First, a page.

Itaú BBA - LatAm FX end the week on a high note

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LatAm FX end the week on a high note

August 18, 2017

LatAm currencies (+0.70%) posted gains on the back of stronger commodities (CRB futures: +0.92%) and the weaker USD (DXY: -0.23%).

With information available until 6:30pm Brasilia time

Highlights

  • LatAm currencies (+0.70%) posted gains on the back of stronger commodities (CRB futures: +0.92%) and the weaker USD (DXY: -0.23%). The BRL outperformed within high-beta space, closing at 3.1472/USD (+0.89%). The MXN (+0.78% to 17.7107/USD) appreciated as oil prices climbed (+3.43%). Meanwhile, Andean pairs were broadly stable (COP: +0.09% to 2,988/USD; CLP: -0.08% to 646.45/USD). 
  • The Brazilian curve bull flattened (Jan19x25: -6bps) on profit taking. In DI futures, the Jan-18 fell 6bps to 8.06% and the Jan-21 narrowed 10bps to 9.42%. Breakevens also narrowed (5-year: -2bps to 4.90%). 
Macro Backdrop

CHILE
  • Despite the improvement from 1Q17, activity in 1H17 confirms the economy remains weak. Activity expanded 0.9% from one year ago, below the 1.0% growth estimated from the monthly GDP proxy (Imacec). Growth in 2Q17 was higher (at 1.3%) after correcting for the unfavorable calendar effect in the quarter, but is still sluggish. Domestic demand picked up from the previous quarter, aided by an improved performance of consumption. Meanwhile, investment and net exports continue to pull activity down.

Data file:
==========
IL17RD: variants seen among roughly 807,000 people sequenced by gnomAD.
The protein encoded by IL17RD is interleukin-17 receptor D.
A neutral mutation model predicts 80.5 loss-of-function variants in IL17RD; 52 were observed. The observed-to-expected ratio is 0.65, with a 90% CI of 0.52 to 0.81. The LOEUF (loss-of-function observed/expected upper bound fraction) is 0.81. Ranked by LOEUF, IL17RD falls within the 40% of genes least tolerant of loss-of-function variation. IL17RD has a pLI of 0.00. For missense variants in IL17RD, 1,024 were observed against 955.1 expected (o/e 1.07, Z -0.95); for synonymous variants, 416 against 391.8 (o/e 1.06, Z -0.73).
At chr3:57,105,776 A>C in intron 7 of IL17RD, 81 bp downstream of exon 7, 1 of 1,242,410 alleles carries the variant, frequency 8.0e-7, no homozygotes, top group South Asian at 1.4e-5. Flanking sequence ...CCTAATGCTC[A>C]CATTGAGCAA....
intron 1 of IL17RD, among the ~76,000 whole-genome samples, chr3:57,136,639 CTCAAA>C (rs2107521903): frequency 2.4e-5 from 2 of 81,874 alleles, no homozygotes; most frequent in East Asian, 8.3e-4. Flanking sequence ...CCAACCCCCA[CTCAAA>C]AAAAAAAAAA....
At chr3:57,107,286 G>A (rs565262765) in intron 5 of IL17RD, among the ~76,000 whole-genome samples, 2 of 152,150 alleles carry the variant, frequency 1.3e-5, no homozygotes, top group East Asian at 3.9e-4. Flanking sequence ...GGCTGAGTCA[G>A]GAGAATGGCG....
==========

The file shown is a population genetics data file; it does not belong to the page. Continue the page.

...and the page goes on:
• Although we expect activity to continue recovering throughout the remainder of the year, we have lowered our 2017 GDP forecast to 1.3% (previous: 1.6%). Activity will be favored by firming growth in Chile’s trade partners, higher copper prices, the monetary stimulus applied by the BCCh and low inflation. However, uncertainties linked to the fate of reforms after the presidential elections will continue to weigh negatively on confidence and investment, curbing an activity improvement. Full Report
  • The current account deficit widened in 2Q17, as mining export volumes remain weak. The deficit came in at USD 1.5 billion in the second quarter of the year, larger than our USD 1.2 billion deficit forecast, the market’s USD 1.3 billion estimate, and the USD 1.0 billion deficit recorded in 2Q16. A weaker trade balance of goods and services, as well as a larger income balance deficit, led the deterioration from 2Q16. The resulting rolling-4Q current account deficit rose to USD 5.6 billion (2.2% of GDP), from USD 3.6 billion in 2016 (1.4% of GDP). Our own seasonal adjustment shows the current account deficit moderated at the margin to 3.0% of GDP (from 3.4% in 1Q17). Foreign direct investment recorded an outflow of USD 0.3 billion, the worst quarterly direct investment on record, and down from the USD 2.7 billion investment in 2Q16.
  • We expect the current account deficit to retreat in the remainder of the year as internal demand stays weak, the effects of mining strike continue to fade, and copper prices remain high. Hence, we see the current account deficit around the 1.4% recorded in 2016. However, the most recent balance-of-payments data pose the risk of a higher deficit. Full Report

COLOMBIA

  • Banrep general manager Juan José Echavarría’s presentation of the 2Q Inflation Report reinforced the views recently presented by different board members on the Colombian economy. Activity has been unsatisfactory and growth this year will likely be between 1.6%-1.8% (previous: 1.8%). Echavarría noted that consumer spending remains very depressed, but highlighted that consumer confidence is becoming less pessimistic. A growth recovery to between 2.5% and 3.0% is expected for next year. Additionally, Echavarría sees Colombia’s potential growth at 3.3% (broadly in line with Itaú).